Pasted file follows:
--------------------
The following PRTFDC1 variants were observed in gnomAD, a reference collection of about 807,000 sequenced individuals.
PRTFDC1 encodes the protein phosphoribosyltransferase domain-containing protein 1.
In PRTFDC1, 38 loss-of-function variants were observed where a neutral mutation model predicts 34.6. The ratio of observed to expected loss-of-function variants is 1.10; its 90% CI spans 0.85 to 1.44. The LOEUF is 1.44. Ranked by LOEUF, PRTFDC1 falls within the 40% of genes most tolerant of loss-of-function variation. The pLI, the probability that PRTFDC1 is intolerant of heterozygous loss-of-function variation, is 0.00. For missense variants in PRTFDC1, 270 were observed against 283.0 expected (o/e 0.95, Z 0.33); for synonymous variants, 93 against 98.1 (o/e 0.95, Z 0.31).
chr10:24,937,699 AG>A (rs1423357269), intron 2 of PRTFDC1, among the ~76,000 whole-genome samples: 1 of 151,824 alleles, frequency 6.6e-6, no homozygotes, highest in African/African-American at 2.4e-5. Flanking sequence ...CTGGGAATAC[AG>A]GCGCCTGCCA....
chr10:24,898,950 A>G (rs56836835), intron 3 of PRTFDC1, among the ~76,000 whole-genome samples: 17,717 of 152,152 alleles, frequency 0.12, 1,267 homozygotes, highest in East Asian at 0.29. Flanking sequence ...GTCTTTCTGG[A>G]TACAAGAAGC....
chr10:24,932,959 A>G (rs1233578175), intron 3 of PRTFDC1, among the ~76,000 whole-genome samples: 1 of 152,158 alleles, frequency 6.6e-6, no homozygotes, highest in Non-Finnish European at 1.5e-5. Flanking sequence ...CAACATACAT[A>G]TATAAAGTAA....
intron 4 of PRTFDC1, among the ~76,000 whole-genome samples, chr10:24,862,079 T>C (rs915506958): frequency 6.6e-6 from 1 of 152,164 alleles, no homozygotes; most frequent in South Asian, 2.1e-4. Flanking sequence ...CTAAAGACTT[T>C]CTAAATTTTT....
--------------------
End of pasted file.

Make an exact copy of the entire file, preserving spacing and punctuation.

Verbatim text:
The following PRTFDC1 variants were observed in gnomAD, a reference collection of about 807,000 sequenced individuals.
PRTFDC1 encodes the protein phosphoribosyltransferase domain-containing protein 1.
In PRTFDC1, 38 loss-of-function variants were observed where a neutral mutation model predicts 34.6. The ratio of observed to expected loss-of-function variants is 1.10; its 90% CI spans 0.85 to 1.44. The LOEUF is 1.44. Ranked by LOEUF, PRTFDC1 falls within the 40% of genes most tolerant of loss-of-function variation. The pLI, the probability that PRTFDC1 is intolerant of heterozygous loss-of-function variation, is 0.00. For missense variants in PRTFDC1, 270 were observed against 283.0 expected (o/e 0.95, Z 0.33); for synonymous variants, 93 against 98.1 (o/e 0.95, Z 0.31).
chr10:24,937,699 AG>A (rs1423357269), intron 2 of PRTFDC1, among the ~76,000 whole-genome samples: 1 of 151,824 alleles, frequency 6.6e-6, no homozygotes, highest in African/African-American at 2.4e-5. Flanking sequence ...CTGGGAATAC[AG>A]GCGCCTGCCA....
chr10:24,898,950 A>G (rs56836835), intron 3 of PRTFDC1, among the ~76,000 whole-genome samples: 17,717 of 152,152 alleles, frequency 0.12, 1,267 homozygotes, highest in East Asian at 0.29. Flanking sequence ...GTCTTTCTGG[A>G]TACAAGAAGC....
chr10:24,932,959 A>G (rs1233578175), intron 3 of PRTFDC1, among the ~76,000 whole-genome samples: 1 of 152,158 alleles, frequency 6.6e-6, no homozygotes, highest in Non-Finnish European at 1.5e-5. Flanking sequence ...CAACATACAT[A>G]TATAAAGTAA....
intron 4 of PRTFDC1, among the ~76,000 whole-genome samples, chr10:24,862,079 T>C (rs915506958): frequency 6.6e-6 from 1 of 152,164 alleles, no homozygotes; most frequent in South Asian, 2.1e-4. Flanking sequence ...CTAAAGACTT[T>C]CTAAATTTTT....